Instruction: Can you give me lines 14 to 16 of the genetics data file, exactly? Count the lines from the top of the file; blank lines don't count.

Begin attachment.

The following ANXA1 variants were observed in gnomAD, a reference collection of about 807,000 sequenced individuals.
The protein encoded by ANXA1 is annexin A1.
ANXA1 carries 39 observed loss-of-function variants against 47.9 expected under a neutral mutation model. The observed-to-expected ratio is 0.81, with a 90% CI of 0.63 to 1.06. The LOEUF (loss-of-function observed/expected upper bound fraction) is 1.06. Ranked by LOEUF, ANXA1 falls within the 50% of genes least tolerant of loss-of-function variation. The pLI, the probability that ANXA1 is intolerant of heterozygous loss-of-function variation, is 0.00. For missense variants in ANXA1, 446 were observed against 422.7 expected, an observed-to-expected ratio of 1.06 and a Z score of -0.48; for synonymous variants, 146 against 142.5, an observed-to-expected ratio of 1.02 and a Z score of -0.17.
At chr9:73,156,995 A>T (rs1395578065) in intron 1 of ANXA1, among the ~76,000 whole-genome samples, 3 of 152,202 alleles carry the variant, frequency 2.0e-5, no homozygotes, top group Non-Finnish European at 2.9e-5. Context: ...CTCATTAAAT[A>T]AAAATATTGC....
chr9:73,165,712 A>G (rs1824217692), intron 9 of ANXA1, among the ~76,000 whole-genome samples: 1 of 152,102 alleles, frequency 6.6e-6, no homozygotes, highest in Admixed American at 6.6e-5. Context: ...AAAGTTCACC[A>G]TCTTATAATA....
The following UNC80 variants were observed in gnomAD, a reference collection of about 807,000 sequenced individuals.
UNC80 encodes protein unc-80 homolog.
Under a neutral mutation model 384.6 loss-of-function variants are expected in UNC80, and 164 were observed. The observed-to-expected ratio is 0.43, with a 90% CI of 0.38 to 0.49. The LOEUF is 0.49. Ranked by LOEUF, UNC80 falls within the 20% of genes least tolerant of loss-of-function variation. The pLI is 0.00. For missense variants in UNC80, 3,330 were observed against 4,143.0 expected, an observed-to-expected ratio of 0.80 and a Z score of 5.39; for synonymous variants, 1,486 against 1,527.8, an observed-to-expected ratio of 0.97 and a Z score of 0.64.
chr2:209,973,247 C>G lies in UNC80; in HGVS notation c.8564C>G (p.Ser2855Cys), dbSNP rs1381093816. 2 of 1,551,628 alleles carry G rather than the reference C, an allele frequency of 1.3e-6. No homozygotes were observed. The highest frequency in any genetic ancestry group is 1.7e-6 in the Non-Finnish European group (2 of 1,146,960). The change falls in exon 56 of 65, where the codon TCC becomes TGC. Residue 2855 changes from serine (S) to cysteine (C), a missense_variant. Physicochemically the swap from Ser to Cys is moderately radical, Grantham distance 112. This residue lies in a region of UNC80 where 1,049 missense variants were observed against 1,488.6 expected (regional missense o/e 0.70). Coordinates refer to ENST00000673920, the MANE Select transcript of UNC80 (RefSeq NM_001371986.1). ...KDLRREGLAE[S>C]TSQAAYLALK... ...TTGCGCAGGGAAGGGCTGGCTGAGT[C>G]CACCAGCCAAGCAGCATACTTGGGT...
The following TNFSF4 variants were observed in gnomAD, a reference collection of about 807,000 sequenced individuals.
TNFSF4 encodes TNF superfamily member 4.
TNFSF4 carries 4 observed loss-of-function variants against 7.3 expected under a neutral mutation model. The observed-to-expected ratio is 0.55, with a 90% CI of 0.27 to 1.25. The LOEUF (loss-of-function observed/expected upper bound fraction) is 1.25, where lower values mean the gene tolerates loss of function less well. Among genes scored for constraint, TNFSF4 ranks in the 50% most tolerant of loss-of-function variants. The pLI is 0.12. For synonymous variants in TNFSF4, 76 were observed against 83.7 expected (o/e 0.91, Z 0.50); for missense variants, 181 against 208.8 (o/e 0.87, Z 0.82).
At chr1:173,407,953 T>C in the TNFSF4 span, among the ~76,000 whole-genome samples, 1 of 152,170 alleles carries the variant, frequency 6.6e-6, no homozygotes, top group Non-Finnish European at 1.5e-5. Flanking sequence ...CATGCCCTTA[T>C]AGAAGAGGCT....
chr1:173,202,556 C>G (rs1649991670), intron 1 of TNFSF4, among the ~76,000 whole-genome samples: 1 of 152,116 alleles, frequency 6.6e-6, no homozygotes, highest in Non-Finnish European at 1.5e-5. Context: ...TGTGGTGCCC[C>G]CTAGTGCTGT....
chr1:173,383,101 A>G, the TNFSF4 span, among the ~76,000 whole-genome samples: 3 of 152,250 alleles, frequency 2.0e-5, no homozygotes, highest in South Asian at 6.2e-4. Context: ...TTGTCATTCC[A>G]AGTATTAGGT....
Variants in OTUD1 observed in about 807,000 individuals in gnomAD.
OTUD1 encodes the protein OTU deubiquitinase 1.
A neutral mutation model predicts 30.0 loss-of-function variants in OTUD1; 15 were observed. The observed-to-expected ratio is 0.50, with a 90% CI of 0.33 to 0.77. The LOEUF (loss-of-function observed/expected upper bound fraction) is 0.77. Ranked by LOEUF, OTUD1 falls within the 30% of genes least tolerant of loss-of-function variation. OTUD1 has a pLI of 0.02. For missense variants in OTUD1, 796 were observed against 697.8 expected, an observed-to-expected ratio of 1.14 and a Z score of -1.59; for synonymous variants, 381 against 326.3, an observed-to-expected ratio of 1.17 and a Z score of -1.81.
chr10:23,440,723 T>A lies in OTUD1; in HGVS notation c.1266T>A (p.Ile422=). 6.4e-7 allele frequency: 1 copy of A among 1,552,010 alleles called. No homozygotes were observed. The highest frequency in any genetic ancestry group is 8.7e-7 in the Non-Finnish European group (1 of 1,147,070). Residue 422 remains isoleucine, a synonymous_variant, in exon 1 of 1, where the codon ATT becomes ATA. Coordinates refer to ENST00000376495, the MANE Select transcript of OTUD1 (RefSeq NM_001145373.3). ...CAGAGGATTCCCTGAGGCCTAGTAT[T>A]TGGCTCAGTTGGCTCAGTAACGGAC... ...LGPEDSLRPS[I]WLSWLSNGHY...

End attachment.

chr1:173,202,556 C>G (rs1649991670), intron 1 of TNFSF4, among the ~76,000 whole-genome samples: 1 of 152,116 alleles, frequency 6.6e-6, no homozygotes, highest in Non-Finnish European at 1.5e-5. Context: ...TGTGGTGCCC[C>G]CTAGTGCTGT....
chr1:173,383,101 A>G, the TNFSF4 span, among the ~76,000 whole-genome samples: 3 of 152,250 alleles, frequency 2.0e-5, no homozygotes, highest in South Asian at 6.2e-4. Context: ...TTGTCATTCC[A>G]AGTATTAGGT....
Variants in OTUD1 observed in about 807,000 individuals in gnomAD.